Make us your home page

Today’s top headlines delivered to you daily.

(View our Privacy Policy)

As Hernando School Board field widens, incumbent still on the fence about run

BROOKSVILLE — As James Yant ponders a bid for a second four-year term on the Hernando County School Board, the field of would-be challengers continues to grow.

Yant, 66, says that doesn't worry him. In fact, it makes him happy.

"I know all of the people that are running, and I think their intentions are good," he said. "I think it's always good to get new ideas and have competition."

Gus Guadagnino, a prominent local businessman whose civic involvement in Hernando spans more than two decades, recently became the fourth candidate to file to run for the District 4 seat Yant won in 2008.

As an incumbent who has lived in Hernando for nearly 40 years, Yant would be tough to beat. But Guadagnino, who has twice run for Hernando County supervisor of elections, is one of two candidates in the School Board race who have some countywide name recognition and could present a formidable challenge to Yant.

The other is Robert Neuhausen, a 44-year-old senior commodities manager and export control coordinator at Sparton Electronics, east of Brooksville. Neuhausen ran for the same seat in 2008, coming in third in a three-person primary. Yant went on to win the runoff election.

Neuhausen has another advantage. He filed in January 2011, 11 months before Helen Villafane, the next candidate to enter the race. A 67-year-old former teacher and administrator, Villafane spent her entire career in New York and retired in 2006.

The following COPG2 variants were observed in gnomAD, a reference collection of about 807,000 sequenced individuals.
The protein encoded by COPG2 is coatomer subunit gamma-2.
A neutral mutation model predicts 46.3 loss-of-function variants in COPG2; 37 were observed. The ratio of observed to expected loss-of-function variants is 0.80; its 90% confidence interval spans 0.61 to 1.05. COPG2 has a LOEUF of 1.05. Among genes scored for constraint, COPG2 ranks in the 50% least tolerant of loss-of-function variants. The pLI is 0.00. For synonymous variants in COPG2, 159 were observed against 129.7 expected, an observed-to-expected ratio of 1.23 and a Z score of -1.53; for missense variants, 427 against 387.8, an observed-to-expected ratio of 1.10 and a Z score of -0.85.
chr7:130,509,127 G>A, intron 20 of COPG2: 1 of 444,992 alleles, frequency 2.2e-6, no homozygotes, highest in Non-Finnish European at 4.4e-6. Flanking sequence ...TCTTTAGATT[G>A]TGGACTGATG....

The fourth candidate, 50-year-old Michael Gordon, is also a political newcomer. He most recently worked as an independent driver for a transportation company before suffering injuries in an auto accident. He now calls himself semiretired.

School Board races are nonpartisan. If there are three or more candidates, the race appears on the primary ballot. If no candidate receives a majority of the votes, the top two vote-getters move to a runoff that appears on the general election ballot.

Yant said the field is strong enough to make him feel comfortable as he considers whether to step aside.

There are some motivators that could push him in that direction.

His term has been a long four years, fraught with tight budgets and tough issues. Yant has voted to fire a superintendent and hire another. He and his fellow board members have made some difficult, controversial policy decisions, including an unpopular one last summer to cut bus service for students who live within 2 miles of their schools.

Though the seats are nonpartisan, the creep of politics into the board's decision-making process is frustrating, Yant said.

"A person will start off with the best intentions, then it depends how much they're influenced for political reasons," he said.

There are family considerations, too. Retired after a long career in the insurance business, Yant has an elderly mother and mother-in-law to help care for.

He's still not ready to make a decision, though. Supporters, he said, are urging him to try for another term, often stopping him in stores.

"People compliment me and my perspective," he said. "That's what puts me on the fence."

Asked when he might make a decision, Yant would only say that he will decide by the qualifying period. That is June 4 to 8, so he has about seven weeks to think on it.